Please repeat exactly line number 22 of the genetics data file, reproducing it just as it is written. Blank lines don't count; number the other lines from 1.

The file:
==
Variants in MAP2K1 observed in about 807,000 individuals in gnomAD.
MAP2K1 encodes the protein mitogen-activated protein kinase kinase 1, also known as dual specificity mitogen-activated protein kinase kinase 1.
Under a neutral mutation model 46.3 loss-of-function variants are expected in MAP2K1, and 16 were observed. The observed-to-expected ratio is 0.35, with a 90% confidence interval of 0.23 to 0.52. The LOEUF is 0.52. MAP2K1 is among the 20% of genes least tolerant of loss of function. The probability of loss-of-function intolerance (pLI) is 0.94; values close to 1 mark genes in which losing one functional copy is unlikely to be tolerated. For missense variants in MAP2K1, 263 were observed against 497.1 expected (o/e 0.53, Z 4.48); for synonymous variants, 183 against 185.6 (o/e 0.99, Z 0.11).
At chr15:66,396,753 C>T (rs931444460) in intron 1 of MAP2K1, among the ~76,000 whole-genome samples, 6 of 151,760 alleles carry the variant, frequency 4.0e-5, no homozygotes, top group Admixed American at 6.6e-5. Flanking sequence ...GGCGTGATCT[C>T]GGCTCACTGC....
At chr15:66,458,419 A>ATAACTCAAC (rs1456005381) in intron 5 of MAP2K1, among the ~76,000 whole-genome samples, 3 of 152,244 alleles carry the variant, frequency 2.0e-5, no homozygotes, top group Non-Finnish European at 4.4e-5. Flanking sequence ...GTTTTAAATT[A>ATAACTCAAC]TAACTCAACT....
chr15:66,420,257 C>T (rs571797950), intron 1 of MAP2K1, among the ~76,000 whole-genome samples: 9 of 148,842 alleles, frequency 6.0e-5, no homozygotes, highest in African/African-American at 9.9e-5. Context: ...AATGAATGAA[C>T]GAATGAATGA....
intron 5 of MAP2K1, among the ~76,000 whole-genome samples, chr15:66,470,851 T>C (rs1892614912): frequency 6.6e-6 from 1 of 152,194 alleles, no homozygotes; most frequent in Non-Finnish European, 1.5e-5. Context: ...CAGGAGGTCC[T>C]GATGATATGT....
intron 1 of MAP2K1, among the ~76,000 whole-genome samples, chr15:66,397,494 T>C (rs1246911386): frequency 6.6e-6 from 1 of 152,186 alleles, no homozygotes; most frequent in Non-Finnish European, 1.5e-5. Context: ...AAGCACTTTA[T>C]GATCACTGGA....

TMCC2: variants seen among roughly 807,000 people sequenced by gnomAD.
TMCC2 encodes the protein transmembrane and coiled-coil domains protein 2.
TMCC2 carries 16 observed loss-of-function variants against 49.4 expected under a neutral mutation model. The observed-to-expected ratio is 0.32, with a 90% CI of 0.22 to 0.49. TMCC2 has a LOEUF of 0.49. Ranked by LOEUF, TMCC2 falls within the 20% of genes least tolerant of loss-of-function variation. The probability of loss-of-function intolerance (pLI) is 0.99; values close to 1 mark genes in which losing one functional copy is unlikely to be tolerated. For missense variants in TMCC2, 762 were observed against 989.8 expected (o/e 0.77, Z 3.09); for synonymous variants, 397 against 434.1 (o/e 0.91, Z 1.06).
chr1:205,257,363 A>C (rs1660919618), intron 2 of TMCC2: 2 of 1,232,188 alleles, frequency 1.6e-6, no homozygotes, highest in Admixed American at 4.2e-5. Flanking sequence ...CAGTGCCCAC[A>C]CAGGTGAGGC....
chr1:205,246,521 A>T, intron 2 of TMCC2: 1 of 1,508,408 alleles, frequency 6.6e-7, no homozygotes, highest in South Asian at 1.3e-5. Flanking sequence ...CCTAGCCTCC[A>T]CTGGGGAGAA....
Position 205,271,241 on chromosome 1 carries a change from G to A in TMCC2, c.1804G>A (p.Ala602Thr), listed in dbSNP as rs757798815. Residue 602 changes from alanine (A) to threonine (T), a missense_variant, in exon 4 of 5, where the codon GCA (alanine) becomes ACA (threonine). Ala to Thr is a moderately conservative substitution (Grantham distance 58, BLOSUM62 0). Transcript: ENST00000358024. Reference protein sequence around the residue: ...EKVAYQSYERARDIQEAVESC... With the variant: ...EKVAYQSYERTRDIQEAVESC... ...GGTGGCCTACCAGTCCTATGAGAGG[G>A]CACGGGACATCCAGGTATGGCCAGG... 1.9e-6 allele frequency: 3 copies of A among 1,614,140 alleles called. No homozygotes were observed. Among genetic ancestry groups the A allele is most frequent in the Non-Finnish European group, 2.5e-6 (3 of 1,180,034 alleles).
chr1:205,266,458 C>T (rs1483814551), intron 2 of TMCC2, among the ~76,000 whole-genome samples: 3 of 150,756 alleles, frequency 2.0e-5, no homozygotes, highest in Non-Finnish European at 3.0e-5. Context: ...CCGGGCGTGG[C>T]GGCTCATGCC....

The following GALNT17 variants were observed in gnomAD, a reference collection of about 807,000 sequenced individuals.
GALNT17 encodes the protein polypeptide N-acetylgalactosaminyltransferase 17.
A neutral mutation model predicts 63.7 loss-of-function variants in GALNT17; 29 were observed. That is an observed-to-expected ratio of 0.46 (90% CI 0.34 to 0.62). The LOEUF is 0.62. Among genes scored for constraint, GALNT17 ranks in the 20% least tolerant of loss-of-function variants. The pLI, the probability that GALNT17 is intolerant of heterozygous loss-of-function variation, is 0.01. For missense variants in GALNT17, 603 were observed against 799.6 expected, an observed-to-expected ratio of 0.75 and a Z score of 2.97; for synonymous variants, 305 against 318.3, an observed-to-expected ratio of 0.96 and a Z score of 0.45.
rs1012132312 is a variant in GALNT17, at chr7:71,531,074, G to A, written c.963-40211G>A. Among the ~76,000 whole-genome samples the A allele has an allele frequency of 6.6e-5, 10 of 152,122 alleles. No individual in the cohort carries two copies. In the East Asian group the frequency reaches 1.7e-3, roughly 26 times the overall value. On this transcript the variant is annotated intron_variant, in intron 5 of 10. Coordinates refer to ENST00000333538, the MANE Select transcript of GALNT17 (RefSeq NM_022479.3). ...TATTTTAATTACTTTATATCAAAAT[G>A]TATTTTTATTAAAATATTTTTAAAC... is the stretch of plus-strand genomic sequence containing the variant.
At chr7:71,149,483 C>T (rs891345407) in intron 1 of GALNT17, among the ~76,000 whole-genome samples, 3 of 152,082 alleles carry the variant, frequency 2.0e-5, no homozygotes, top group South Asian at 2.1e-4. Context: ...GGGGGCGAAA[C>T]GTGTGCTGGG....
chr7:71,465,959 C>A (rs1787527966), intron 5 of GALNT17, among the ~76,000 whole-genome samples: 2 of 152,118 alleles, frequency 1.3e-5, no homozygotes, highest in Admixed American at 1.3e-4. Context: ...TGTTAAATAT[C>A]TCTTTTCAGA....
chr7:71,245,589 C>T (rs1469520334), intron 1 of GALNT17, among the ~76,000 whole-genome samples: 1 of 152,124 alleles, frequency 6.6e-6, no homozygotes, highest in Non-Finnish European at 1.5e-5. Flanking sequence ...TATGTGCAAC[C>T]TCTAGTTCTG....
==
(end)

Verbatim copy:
chr7:71,245,589 C>T (rs1469520334), intron 1 of GALNT17, among the ~76,000 whole-genome samples: 1 of 152,124 alleles, frequency 6.6e-6, no homozygotes, highest in Non-Finnish European at 1.5e-5. Flanking sequence ...TATGTGCAAC[C>T]TCTAGTTCTG....